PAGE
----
PATCHWORK GIRL OF OZ

(Chicago: The Reilly & Lee Co., [c. 1945]).

A VERY EARLY OZ STORY, here presented in a format similar to the first edition. THE PATCHWORK GIRL, who calls herself "Scraps", was the seventh Oz story published. In the previous story magic was used to isolate Oz from all contact with the outside world. Baum had done this intending it to end the Oz series but various reasons, including financial difficulties, led him to change his mind. He reconciles Oz's isolation with the appearance of a new book by explaining that Dorothy sent him this story by wireless. At a later point in his life, Baum stated that he considered THE PATCHWORK GIRL OF OZ "one of the two best books of my career", the other being THE SEA FAIRIES.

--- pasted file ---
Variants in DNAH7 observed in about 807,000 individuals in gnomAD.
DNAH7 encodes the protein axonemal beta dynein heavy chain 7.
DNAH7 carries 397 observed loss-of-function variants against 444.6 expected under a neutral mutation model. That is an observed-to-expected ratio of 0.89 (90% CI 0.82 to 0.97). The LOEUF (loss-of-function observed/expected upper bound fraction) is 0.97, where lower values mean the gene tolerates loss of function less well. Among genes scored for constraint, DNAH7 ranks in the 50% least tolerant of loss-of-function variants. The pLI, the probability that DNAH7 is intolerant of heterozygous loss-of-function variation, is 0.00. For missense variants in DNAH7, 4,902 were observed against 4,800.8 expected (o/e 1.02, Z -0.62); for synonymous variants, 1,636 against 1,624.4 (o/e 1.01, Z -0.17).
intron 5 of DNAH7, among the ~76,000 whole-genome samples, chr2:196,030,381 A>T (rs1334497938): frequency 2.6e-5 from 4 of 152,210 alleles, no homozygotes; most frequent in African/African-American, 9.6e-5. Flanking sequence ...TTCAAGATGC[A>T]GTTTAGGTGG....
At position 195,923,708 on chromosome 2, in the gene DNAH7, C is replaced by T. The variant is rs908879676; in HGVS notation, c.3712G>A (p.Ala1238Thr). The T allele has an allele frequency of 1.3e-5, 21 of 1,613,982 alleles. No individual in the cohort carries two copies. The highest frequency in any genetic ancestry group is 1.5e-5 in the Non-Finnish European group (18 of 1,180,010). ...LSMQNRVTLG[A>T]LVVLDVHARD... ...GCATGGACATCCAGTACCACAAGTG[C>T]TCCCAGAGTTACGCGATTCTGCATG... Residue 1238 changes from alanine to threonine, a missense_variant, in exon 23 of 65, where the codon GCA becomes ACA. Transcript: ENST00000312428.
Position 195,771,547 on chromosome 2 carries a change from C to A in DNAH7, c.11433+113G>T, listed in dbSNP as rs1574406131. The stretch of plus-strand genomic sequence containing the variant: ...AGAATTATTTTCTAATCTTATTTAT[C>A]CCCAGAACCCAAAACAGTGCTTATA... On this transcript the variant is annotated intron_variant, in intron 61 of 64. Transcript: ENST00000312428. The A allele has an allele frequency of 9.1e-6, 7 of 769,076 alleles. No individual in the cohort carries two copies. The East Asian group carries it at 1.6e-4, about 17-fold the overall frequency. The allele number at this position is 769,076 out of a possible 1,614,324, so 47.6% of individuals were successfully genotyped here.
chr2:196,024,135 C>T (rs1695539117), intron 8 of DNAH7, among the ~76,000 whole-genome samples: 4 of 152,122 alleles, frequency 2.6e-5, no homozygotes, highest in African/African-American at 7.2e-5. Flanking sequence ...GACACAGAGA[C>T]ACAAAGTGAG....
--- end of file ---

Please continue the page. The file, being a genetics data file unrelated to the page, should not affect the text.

PATCHWORK GIRL OF OZ was also one of the earliest Oz stories adapted to film, that being a 1914 silent movie, the first film made by Baum's short-lived Oz Film Manufacturing Company. Item #31160

Illustrated in black & white by John R. Neill. 8vo, publisher's original tan cloth with colorful pictorial paste-down cover and pictorial endpapers in black and white. 341, ads. A very good copy throughout with clean pages and illustrations, the hinges well preserved and strong, wear at the head of the spine panel and the cover with a bit of rubbing.

Price: $35.00